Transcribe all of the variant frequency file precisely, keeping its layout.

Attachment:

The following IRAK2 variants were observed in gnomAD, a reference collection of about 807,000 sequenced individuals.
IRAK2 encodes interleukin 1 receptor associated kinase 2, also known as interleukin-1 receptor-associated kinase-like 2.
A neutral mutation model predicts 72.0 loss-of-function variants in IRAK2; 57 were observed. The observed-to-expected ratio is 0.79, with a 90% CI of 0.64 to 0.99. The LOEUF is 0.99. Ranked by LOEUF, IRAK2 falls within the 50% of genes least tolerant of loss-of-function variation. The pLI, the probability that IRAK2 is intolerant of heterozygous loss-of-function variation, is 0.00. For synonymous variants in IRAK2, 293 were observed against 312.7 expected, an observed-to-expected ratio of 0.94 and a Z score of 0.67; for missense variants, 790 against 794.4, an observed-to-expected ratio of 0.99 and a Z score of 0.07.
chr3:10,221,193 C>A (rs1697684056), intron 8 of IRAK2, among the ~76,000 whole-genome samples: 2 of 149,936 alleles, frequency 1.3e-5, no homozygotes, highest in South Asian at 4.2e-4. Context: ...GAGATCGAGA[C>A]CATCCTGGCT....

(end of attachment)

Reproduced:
The following IRAK2 variants were observed in gnomAD, a reference collection of about 807,000 sequenced individuals.
IRAK2 encodes interleukin 1 receptor associated kinase 2, also known as interleukin-1 receptor-associated kinase-like 2.
A neutral mutation model predicts 72.0 loss-of-function variants in IRAK2; 57 were observed. The observed-to-expected ratio is 0.79, with a 90% CI of 0.64 to 0.99. The LOEUF is 0.99. Ranked by LOEUF, IRAK2 falls within the 50% of genes least tolerant of loss-of-function variation. The pLI, the probability that IRAK2 is intolerant of heterozygous loss-of-function variation, is 0.00. For synonymous variants in IRAK2, 293 were observed against 312.7 expected, an observed-to-expected ratio of 0.94 and a Z score of 0.67; for missense variants, 790 against 794.4, an observed-to-expected ratio of 0.99 and a Z score of 0.07.
chr3:10,221,193 C>A (rs1697684056), intron 8 of IRAK2, among the ~76,000 whole-genome samples: 2 of 149,936 alleles, frequency 1.3e-5, no homozygotes, highest in South Asian at 4.2e-4. Context: ...GAGATCGAGA[C>A]CATCCTGGCT....